Isn't multipass programmable shading the future of CG?

Blender's renderer and external renderer export

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Isn't multipass programmable shading the future of CG?

Postby dubois » Sat Oct 19, 2002 12:24 am

I'm not an expert on this but I read this article a while back which gives me the impression that the future of rendering is in multipass shading compilers rather than `brute force' techniques like ray tracing.

below is an excerpt from the article which is at

(A few years ago) Mark S. Peercy and his colleagues from SGI presented a paper entitled Interactive Multi-Pass Programmable Shading.
Peercy's paper demonstrated precisely how to translate complex code—in this case, those of the RenderMan Shading Language used at places like Pixar—into OpenGL rendering passes using a compiler. The compiler would accept RenderMan shading programs and output OpenGL instructions.
One key observation allows shaders to be translated into multi-pass OpenGL: a single rendering pass is also a general SIMD instruction—the same operations are performed simultaneously for all pixels in an object.
A shader computation is broken into pieces, each of which can be evaluated by an OpenGL rendering pass. In this way, we build up a final result for all pixels in an object.
Peercy's demonstration compiler was able to produce output nearly identical to RenderMan's built-in renderer.
The implications were simple but powerful: this method would enable consumer graphics chips to accelerate the rendering of just about "anything." Even if the graphics chips couldn't handle all the necessary passes in real time, they could generate the same ouput far faster than even the speediest general-purpose microprocessor.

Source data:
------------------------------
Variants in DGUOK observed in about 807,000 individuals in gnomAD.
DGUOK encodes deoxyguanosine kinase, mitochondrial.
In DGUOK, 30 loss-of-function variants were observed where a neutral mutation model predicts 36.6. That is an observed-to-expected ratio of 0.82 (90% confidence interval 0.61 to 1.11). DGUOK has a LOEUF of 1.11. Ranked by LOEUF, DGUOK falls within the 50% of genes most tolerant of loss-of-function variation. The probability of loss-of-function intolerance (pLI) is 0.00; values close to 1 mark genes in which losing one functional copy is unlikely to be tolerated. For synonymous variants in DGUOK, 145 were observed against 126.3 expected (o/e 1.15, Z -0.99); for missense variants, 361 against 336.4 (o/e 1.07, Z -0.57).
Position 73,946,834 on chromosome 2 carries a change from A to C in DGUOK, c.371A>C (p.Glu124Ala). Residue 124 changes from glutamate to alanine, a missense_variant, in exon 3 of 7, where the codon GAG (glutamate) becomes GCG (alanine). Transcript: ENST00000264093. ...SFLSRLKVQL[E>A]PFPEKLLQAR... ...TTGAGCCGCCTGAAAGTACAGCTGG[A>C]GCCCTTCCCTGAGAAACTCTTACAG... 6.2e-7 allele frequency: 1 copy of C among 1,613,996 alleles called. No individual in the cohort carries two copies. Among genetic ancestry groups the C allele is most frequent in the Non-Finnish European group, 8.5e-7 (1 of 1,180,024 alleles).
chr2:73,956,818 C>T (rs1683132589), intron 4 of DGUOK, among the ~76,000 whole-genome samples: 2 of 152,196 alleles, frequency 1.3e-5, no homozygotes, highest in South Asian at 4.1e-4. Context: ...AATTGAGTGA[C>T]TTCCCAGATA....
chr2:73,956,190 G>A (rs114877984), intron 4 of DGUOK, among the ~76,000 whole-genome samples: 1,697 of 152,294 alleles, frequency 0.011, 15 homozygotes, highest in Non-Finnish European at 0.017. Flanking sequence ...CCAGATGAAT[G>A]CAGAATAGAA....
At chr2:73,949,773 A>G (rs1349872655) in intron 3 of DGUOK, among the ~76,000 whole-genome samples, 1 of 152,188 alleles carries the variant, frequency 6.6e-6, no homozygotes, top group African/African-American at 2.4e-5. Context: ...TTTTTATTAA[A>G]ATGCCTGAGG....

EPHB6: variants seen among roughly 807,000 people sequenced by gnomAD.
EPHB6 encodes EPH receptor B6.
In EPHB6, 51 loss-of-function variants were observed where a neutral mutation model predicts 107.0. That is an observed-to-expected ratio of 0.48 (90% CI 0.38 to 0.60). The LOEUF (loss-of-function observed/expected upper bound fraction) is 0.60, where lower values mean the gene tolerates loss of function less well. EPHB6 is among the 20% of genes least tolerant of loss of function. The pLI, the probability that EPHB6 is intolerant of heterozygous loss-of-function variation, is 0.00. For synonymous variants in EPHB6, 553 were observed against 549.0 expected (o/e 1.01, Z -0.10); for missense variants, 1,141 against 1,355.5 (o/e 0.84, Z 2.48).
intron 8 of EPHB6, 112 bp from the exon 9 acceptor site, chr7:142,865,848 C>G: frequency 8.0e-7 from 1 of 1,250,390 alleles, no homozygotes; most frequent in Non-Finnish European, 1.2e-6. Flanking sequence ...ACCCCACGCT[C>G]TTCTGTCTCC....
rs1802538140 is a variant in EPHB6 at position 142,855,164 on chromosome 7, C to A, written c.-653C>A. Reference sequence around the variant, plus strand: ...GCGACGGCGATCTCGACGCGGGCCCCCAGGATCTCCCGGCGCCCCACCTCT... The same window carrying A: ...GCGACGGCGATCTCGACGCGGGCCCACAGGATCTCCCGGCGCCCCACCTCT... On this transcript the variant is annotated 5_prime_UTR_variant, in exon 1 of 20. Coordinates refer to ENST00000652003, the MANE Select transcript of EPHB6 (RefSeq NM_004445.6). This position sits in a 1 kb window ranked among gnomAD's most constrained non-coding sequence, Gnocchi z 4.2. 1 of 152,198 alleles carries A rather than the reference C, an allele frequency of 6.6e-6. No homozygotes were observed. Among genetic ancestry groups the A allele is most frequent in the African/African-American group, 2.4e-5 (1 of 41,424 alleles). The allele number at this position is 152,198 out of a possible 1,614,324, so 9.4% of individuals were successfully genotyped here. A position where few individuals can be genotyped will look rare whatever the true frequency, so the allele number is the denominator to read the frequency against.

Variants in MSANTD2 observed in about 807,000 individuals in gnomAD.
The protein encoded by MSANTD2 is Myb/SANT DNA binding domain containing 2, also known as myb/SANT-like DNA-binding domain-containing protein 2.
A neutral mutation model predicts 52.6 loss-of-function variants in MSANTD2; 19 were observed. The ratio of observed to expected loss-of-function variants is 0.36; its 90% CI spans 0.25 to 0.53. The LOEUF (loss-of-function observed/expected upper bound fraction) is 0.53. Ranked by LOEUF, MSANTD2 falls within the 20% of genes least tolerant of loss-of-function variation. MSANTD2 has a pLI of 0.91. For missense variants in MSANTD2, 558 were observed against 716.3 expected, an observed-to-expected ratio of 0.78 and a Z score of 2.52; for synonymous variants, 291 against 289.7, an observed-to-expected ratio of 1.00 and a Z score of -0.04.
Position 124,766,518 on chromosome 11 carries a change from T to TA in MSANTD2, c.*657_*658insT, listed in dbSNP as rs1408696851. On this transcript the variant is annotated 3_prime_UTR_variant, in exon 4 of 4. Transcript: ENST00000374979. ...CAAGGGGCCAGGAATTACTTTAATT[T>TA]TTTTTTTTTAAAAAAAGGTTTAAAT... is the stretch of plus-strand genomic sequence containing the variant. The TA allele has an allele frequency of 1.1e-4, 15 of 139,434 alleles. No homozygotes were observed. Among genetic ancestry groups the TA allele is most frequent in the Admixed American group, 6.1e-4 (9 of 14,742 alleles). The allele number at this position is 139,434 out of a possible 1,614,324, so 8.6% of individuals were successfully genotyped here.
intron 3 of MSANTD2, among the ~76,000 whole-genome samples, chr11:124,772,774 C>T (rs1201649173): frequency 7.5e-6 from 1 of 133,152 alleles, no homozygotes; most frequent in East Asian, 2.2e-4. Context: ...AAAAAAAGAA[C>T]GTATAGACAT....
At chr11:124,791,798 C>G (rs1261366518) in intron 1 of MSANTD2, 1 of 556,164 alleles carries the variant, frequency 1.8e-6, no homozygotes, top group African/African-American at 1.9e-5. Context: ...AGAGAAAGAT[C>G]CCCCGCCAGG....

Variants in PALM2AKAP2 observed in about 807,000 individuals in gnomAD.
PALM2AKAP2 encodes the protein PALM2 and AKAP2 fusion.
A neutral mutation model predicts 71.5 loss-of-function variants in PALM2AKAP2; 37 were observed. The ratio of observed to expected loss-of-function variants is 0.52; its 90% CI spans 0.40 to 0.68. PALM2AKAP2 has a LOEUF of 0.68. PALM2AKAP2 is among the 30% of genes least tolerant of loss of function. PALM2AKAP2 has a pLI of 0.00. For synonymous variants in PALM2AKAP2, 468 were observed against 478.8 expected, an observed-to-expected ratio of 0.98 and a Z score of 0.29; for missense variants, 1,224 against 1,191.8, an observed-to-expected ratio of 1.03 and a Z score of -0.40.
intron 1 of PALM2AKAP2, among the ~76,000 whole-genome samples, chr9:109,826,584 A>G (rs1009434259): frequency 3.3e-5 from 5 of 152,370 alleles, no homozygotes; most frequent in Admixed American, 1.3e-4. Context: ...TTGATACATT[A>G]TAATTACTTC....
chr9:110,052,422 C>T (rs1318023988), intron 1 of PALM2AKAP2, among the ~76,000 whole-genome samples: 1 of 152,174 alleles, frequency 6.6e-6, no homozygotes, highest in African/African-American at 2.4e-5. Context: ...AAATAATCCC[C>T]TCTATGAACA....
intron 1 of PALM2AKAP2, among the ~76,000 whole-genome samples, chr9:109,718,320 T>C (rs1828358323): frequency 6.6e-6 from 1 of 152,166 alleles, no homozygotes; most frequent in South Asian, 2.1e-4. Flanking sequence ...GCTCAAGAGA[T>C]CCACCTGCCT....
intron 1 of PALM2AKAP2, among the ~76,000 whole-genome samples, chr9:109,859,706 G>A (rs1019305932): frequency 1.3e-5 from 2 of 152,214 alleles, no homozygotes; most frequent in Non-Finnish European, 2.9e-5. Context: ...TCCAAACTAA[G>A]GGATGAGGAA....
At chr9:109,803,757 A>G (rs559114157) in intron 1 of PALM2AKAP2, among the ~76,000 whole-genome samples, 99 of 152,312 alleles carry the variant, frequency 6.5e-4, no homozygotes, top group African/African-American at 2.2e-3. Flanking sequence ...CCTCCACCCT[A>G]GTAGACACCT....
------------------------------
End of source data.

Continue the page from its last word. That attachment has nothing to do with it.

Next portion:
My impression is that graphics procssor development (driven by the gaming industry) will allow these multipass shading methods to soon match anything that can be accomplished via ray-tracing in far less time.

For those of you in the know, does this seem like an accurate view of the future of CG? Doesn't this mean that focusing on a tightly intigrated ray-tracer for blender would be something of a waste of time?


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Postby MrMunkily » Sat Oct 19, 2002 9:33 pm

Until opengl hardware will accelerate a raytrcing function, I doubt this will be useful.

Reason:opengl and all framebuffer/scanline based systems CANNOT do raytracing. there are still MANY things (GI, caustics, refraction, radiosity(well, you can but it looks awful)) that simply cannot be done without raytracing.

still it's DEFINITELY something to consider. people who want to see a scanliner remain blender's default would be very interested inm such a method. this is similar to nvidia' CG initiative and ATI rendermonkey, correct?

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Postby markluffel » Sun Oct 20, 2002 12:45 am

A group called VM Labs supposedly created a ray tracing graphics chip four years ago. Read:

After seeing all of the lighting tricks that Bungie put in Halo, I'm wondering about the use of ray tracing too. I think that running a radiosity thread along with a real-time renderer is the next hybrid approach. Most of that secondary illumination is fairly static. When there was some change though, the radiosity calculations would take more slices.

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Postby dreamerv3 » Sun Oct 20, 2002 4:01 am

Mr Munkily: Umcould you please provide some proof of the awful looks of alternate methods of simulating cuastics using pixel and vertex program running on 3D hardware?

Odds are you cannot because hardware accelerated caustics haven't yet been introduced in implementation even though they're very possible with languages like CG from Nvidia, which is used in Direct X. A renderman derived shading language is in development at 3dlabs and will be used in OpenGL 2.

Maybe there's a better way than raytracing, and until you explore the possibilities don't shrug off progress unless you have definitive proof that it doesn't work at all or works horribly to the point of not being siutable for even games.

I think that blender should as a matter of course use OpenGL 2.0 for ALL of its rendering.

Next siggraph 3Dlabs will be showing us things which can be achieved in OpenGL 2 which will make all these futile pleas for raytracers seem well foolish.

When you've got 3D chips with 100million transistors to throw at rendering don't waste time developing a software based dinosaur which is slower by at least 10 orders of magnitude.

C'mon wake up!

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Postby MrMunkily » Sun Oct 20, 2002 9:56 am